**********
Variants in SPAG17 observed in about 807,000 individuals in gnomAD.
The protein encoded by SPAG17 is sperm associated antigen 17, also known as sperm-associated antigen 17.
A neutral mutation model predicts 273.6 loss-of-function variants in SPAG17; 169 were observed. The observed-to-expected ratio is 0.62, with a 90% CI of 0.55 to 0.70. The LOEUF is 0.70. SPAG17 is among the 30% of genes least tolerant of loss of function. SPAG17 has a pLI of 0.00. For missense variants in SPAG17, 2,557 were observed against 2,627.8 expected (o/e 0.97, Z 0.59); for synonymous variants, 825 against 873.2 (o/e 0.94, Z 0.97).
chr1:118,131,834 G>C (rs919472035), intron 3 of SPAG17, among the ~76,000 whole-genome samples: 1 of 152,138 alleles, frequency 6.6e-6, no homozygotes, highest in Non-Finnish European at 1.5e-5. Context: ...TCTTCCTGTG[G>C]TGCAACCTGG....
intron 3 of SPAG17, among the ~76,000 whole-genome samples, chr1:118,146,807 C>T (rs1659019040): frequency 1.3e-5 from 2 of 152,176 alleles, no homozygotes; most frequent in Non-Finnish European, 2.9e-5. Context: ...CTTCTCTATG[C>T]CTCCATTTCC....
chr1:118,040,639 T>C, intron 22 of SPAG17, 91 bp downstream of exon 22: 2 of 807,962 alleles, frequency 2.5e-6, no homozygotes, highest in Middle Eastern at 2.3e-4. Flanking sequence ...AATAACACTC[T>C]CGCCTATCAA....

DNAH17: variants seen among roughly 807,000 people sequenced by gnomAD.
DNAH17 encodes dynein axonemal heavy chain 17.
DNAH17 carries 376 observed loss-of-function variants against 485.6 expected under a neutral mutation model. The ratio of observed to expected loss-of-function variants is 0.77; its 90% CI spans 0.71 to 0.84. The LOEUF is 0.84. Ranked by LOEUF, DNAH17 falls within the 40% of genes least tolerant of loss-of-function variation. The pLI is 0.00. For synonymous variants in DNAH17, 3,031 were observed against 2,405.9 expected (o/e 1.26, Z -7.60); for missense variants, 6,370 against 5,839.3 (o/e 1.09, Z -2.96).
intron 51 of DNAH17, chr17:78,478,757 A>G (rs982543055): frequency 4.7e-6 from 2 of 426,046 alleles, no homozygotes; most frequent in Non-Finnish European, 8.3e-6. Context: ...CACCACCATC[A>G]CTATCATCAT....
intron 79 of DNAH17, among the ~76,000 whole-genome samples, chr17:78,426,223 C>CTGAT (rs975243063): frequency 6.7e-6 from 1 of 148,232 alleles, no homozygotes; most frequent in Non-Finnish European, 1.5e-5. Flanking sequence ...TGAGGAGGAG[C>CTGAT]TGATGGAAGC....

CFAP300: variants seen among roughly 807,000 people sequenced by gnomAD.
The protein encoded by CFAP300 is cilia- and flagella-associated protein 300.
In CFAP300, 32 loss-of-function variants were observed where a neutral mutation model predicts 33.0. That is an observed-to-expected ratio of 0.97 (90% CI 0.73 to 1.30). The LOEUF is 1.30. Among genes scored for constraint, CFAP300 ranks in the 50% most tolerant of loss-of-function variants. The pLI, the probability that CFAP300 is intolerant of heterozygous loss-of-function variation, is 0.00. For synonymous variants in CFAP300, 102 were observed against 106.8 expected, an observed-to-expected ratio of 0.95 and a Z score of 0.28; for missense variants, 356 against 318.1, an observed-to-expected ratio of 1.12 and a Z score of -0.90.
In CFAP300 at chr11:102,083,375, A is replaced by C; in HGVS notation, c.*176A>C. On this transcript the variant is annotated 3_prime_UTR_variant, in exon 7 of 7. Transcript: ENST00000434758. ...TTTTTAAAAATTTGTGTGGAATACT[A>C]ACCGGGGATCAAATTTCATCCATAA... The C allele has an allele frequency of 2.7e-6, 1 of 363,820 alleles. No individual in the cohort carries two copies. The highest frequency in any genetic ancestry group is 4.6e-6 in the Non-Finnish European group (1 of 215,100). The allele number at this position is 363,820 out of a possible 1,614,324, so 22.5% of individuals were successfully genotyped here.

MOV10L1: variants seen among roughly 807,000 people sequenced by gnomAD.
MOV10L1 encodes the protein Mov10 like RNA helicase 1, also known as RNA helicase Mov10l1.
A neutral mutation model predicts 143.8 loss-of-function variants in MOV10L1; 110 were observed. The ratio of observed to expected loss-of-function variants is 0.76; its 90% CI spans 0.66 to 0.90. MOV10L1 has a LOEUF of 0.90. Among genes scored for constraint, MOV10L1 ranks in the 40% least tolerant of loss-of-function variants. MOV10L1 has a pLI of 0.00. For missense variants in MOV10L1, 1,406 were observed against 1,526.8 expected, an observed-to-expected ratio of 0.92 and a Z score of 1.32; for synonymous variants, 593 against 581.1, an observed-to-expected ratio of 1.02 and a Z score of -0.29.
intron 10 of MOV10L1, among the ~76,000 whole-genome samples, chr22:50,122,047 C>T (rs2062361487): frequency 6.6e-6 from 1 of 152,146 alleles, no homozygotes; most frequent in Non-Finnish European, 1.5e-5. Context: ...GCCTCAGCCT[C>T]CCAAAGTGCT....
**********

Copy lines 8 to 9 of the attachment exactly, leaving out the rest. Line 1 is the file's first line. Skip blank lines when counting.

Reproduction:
DNAH17 encodes dynein axonemal heavy chain 17.
DNAH17 carries 376 observed loss-of-function variants against 485.6 expected under a neutral mutation model. The ratio of observed to expected loss-of-function variants is 0.77; its 90% CI spans 0.71 to 0.84. The LOEUF is 0.84. Ranked by LOEUF, DNAH17 falls within the 40% of genes least tolerant of loss-of-function variation. The pLI is 0.00. For synonymous variants in DNAH17, 3,031 were observed against 2,405.9 expected (o/e 1.26, Z -7.60); for missense variants, 6,370 against 5,839.3 (o/e 1.09, Z -2.96).